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8 Ways Our Food Gets Pollinated

We all know that pollinators play a huge role in the reproduction of most flowering plants, including numerous crops that make up a over a third of our diet. Various pollinators, ranging from insects to birds and mammals, facilitate the transfer of pollen from the male parts (anthers) to the female parts (stigmas) of flowers, enabling fertilization and the production of fruits and seeds. We matched up some common pollinators with the foods that best match their favorite flowers:


Honey Bees, solitary bees, and Bumblebees, are prolific pollinators and are responsible for pollinating a wide variety of fruits and vegetables. Some examples include apples, strawberries, blueberries, almonds, and cucumbers. Bees also pollinate herbs like Marjoram, Sage, Lavender, Mint, Rosemary, Thyme, and Basil.

The different nectar and pollen from these plants also create the unique taste of honey produced by the bees. Buckwheat for instance produces a dark, rich less sweet honey vs a tropical fruit which makes a lighter, sweeter honey.


While butterflies are not as efficient at pollinating as our bee friends, they do contribute to the pollination of flowers, including those of fruits like oranges, lemons, and limes. Additionally, they play a role in pollinating certain wildflowers and herbs like Bee Balm and Sage.


Hummingbird eggs are smaller than Jelly Beans.

Hummingbirds are specialized pollinators of tubular shaped flowers. They are associated with crops such as tomatoes and certain berries. They are also attracted to brightly colored flowers, and their pollination efforts benefit a variety of non-food producing plants. Hummingbirds can be attracted to your garden with colorful hanging feeders that also help them in-between nectar stops. Also, did you know there are over 325 species of hummingbirds? Because we just learned that!


Moths, like butterflies, are important for the pollination of some night-blooming flowers. They are the hard working night-crew and contribute to the pollination of crops such as cherimoya and agave, which are used to produce products like tequila.


We know.. you're thinking "ick!", but certain flies, such as hoverflies and bee flies, pollinate a wide range of flowers. Some of their favorite plants are carrots, onions, and various herbs. Their role in pollination is often overlooked but they are essential for the reproduction of many plants.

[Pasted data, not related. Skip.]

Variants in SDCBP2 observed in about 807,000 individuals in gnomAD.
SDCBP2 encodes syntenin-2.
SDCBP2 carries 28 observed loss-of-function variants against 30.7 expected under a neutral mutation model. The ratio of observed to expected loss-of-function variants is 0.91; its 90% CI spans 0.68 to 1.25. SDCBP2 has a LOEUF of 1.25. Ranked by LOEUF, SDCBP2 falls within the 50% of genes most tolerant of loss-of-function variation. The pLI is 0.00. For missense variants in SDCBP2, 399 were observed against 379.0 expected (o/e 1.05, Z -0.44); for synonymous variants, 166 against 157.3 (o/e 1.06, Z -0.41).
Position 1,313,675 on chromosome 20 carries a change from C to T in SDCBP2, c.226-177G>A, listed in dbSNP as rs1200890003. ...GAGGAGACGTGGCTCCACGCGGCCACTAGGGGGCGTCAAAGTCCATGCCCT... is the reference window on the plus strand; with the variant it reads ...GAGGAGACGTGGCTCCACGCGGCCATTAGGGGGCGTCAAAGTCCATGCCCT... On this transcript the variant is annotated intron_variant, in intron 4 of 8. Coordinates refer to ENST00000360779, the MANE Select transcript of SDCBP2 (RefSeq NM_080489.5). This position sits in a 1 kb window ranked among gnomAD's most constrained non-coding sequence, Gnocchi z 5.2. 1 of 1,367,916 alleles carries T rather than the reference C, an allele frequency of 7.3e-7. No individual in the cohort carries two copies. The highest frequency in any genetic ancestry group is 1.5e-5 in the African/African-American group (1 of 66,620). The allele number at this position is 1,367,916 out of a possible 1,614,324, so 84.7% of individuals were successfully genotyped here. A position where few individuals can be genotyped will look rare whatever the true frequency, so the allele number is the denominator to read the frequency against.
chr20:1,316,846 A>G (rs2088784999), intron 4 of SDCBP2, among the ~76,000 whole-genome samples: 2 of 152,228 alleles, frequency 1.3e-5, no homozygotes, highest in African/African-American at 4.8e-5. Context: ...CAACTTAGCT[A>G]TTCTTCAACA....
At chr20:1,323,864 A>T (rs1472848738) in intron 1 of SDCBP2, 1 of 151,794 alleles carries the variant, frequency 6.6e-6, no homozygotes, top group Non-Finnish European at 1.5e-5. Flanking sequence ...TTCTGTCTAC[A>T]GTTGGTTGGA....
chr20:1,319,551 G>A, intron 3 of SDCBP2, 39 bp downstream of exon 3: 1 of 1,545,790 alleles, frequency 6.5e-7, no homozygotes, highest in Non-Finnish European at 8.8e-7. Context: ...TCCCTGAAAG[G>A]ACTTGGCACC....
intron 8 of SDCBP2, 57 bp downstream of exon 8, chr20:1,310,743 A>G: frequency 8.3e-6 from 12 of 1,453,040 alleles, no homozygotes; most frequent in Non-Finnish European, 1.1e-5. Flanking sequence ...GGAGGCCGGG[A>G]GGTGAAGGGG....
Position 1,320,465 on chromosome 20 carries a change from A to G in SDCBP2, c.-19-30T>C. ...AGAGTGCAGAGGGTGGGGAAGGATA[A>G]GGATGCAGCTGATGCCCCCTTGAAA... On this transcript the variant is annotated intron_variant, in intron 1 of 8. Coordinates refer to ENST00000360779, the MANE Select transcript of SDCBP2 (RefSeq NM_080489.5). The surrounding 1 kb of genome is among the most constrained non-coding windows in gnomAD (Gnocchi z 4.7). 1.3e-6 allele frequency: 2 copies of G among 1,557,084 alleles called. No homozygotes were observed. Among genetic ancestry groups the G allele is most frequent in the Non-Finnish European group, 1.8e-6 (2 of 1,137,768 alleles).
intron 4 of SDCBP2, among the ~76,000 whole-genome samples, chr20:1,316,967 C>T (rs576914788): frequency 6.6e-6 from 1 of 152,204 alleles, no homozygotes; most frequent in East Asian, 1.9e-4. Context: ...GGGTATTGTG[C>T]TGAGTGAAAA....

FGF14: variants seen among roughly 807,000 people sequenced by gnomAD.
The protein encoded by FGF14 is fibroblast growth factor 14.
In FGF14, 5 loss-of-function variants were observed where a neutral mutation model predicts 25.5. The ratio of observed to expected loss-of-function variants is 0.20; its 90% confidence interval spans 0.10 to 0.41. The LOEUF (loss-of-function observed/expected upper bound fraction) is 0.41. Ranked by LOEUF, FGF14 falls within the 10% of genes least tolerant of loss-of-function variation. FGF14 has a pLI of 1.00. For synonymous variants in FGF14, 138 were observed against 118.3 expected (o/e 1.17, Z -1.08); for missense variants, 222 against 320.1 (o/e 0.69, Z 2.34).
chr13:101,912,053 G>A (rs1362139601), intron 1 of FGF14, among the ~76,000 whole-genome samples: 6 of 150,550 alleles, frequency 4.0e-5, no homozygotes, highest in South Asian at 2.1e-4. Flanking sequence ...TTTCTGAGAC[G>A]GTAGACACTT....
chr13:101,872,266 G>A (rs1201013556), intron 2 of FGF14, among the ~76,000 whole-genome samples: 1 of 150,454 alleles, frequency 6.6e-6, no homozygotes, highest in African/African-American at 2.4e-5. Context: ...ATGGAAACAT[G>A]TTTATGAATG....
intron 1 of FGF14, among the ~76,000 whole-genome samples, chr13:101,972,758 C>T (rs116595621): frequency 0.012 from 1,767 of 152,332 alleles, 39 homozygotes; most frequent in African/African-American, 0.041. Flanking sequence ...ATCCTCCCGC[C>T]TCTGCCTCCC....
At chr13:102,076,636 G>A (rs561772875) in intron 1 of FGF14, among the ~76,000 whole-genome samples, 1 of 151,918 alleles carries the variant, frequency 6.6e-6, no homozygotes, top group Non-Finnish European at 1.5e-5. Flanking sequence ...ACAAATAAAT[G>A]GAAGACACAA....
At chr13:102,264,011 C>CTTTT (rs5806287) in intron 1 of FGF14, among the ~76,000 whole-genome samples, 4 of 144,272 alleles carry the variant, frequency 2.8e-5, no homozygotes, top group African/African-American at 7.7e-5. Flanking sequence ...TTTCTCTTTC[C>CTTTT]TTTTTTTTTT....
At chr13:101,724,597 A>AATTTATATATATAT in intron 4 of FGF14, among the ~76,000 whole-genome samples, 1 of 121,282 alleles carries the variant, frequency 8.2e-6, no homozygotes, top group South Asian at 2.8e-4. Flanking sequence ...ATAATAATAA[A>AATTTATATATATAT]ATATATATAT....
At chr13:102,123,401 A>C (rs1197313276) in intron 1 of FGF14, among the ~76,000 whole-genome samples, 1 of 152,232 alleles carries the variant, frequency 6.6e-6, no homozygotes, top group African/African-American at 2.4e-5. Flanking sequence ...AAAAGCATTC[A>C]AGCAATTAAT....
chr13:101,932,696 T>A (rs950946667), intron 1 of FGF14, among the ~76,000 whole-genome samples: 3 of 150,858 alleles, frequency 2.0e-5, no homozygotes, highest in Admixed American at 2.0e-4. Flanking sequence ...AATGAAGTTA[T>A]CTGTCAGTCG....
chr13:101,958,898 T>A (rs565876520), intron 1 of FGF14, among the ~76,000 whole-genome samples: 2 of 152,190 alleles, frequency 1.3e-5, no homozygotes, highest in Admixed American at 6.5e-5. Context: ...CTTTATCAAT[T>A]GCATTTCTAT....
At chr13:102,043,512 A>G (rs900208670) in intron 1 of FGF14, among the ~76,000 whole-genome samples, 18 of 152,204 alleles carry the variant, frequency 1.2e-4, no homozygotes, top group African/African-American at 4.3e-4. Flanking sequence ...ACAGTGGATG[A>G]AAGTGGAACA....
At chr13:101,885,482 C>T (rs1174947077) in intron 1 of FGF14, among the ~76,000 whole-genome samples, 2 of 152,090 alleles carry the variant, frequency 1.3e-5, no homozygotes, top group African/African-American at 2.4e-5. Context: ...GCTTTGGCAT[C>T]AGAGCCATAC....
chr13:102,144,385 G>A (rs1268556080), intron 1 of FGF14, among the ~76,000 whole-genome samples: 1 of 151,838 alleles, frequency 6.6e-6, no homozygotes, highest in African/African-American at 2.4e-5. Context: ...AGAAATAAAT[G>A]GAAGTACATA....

Birds (other than hummingbirds):

Wrens are cute, eat bugs, and pollinate our food.

Birds like sunbirds, honeyeaters and even some Wrens contribute to pollinating flowers. They especially help some tropical fruits like bananas, guavas, and passion fruits. Birds also eat slugs and other garden pests so they can naturally replace the use of pesticides.


Bats (the other night crew) are important pollinators, especially in tropical regions. Flying out around sunset, bats begin their pollination ritual of fruits like bananas, mangoes, and agaves (used for tequila production). In some cases, they are crucial for the production of certain types of fruits and seeds. Want to attract bats? We've got the best in bat houses for your backyard!


We're not in Kansas anymor-. oh, actually this is Kansas

Okay, not a species, but wind is important for carrying pollen. Conveniently, March is typically a very windy month and self-pollinating plants benefit from this. Crops like corn, wheat, and rice are all wind-pollinated. These staple grains make up a significant portion of the human diet worldwide. Some plants rely on both wind and pollinators for reproduction.

So, there you have it! Understanding the diverse range of pollinators and the link to specific food crops are just part of the intricate, biodiverse web of ecological relationships that support our global food supply. Sustainable agriculture practices that protect and promote pollinator populations are crucial for maintaining food security and biodiversity.

CAN YOU DONATE? Arkearth needs your donations! It's the end of 2023 and if you're looking for a last minute tax write-off, we are here for you! Every dollar helps us launch more pollination projects, save more pollinating species, educate students, AND lift crop yields! You can make a donation HERE and also.. HERE! We thank you for your support! #savethepollinators

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